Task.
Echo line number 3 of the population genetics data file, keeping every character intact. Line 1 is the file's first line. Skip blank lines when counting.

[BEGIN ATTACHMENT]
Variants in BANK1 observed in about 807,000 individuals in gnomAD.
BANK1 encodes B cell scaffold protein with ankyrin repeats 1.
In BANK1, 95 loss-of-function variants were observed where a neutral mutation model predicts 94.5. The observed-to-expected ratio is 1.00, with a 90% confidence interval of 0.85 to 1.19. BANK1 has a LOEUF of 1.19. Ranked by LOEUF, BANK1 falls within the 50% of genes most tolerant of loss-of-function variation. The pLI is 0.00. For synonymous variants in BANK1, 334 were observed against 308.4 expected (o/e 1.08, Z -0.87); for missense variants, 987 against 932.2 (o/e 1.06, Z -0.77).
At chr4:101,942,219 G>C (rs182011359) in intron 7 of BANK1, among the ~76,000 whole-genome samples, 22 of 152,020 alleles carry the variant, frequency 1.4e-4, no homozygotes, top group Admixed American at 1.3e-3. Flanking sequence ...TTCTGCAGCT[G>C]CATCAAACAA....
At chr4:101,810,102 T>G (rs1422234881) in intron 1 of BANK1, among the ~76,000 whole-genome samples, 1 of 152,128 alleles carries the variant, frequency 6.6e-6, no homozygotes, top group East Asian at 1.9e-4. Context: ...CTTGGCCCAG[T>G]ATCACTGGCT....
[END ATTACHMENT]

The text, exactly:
In BANK1, 95 loss-of-function variants were observed where a neutral mutation model predicts 94.5. The observed-to-expected ratio is 1.00, with a 90% confidence interval of 0.85 to 1.19. BANK1 has a LOEUF of 1.19. Ranked by LOEUF, BANK1 falls within the 50% of genes most tolerant of loss-of-function variation. The pLI is 0.00. For synonymous variants in BANK1, 334 were observed against 308.4 expected (o/e 1.08, Z -0.87); for missense variants, 987 against 932.2 (o/e 1.06, Z -0.77).